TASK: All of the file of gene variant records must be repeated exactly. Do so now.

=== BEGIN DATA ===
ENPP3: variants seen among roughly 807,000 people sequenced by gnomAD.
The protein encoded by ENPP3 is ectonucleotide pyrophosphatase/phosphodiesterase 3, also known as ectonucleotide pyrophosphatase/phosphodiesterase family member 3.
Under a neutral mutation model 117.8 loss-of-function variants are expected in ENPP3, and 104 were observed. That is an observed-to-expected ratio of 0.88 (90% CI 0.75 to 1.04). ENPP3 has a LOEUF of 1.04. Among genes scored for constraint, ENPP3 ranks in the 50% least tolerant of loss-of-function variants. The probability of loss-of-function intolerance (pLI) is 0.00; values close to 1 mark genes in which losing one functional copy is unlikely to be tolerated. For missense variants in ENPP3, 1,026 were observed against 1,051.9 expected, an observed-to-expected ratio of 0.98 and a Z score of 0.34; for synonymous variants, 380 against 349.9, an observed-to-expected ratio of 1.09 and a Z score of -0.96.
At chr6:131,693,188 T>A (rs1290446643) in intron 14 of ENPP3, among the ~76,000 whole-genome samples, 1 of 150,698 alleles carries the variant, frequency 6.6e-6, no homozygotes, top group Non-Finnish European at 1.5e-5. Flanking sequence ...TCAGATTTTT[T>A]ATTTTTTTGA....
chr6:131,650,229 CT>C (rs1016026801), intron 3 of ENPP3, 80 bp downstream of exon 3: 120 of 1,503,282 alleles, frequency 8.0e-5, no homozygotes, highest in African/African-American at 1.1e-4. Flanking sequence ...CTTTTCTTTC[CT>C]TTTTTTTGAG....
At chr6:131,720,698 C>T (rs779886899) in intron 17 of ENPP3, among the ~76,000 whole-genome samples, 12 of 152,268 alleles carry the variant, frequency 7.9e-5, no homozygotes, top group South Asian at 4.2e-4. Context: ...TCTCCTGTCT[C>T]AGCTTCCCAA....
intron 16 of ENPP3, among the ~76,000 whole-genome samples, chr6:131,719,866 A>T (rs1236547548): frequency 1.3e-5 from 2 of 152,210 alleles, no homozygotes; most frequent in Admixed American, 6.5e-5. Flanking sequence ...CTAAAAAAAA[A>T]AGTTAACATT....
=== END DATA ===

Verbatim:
ENPP3: variants seen among roughly 807,000 people sequenced by gnomAD.
The protein encoded by ENPP3 is ectonucleotide pyrophosphatase/phosphodiesterase 3, also known as ectonucleotide pyrophosphatase/phosphodiesterase family member 3.
Under a neutral mutation model 117.8 loss-of-function variants are expected in ENPP3, and 104 were observed. That is an observed-to-expected ratio of 0.88 (90% CI 0.75 to 1.04). ENPP3 has a LOEUF of 1.04. Among genes scored for constraint, ENPP3 ranks in the 50% least tolerant of loss-of-function variants. The probability of loss-of-function intolerance (pLI) is 0.00; values close to 1 mark genes in which losing one functional copy is unlikely to be tolerated. For missense variants in ENPP3, 1,026 were observed against 1,051.9 expected, an observed-to-expected ratio of 0.98 and a Z score of 0.34; for synonymous variants, 380 against 349.9, an observed-to-expected ratio of 1.09 and a Z score of -0.96.
At chr6:131,693,188 T>A (rs1290446643) in intron 14 of ENPP3, among the ~76,000 whole-genome samples, 1 of 150,698 alleles carries the variant, frequency 6.6e-6, no homozygotes, top group Non-Finnish European at 1.5e-5. Flanking sequence ...TCAGATTTTT[T>A]ATTTTTTTGA....
chr6:131,650,229 CT>C (rs1016026801), intron 3 of ENPP3, 80 bp downstream of exon 3: 120 of 1,503,282 alleles, frequency 8.0e-5, no homozygotes, highest in African/African-American at 1.1e-4. Flanking sequence ...CTTTTCTTTC[CT>C]TTTTTTTGAG....
At chr6:131,720,698 C>T (rs779886899) in intron 17 of ENPP3, among the ~76,000 whole-genome samples, 12 of 152,268 alleles carry the variant, frequency 7.9e-5, no homozygotes, top group South Asian at 4.2e-4. Context: ...TCTCCTGTCT[C>T]AGCTTCCCAA....
intron 16 of ENPP3, among the ~76,000 whole-genome samples, chr6:131,719,866 A>T (rs1236547548): frequency 1.3e-5 from 2 of 152,210 alleles, no homozygotes; most frequent in Admixed American, 6.5e-5. Flanking sequence ...CTAAAAAAAA[A>T]AGTTAACATT....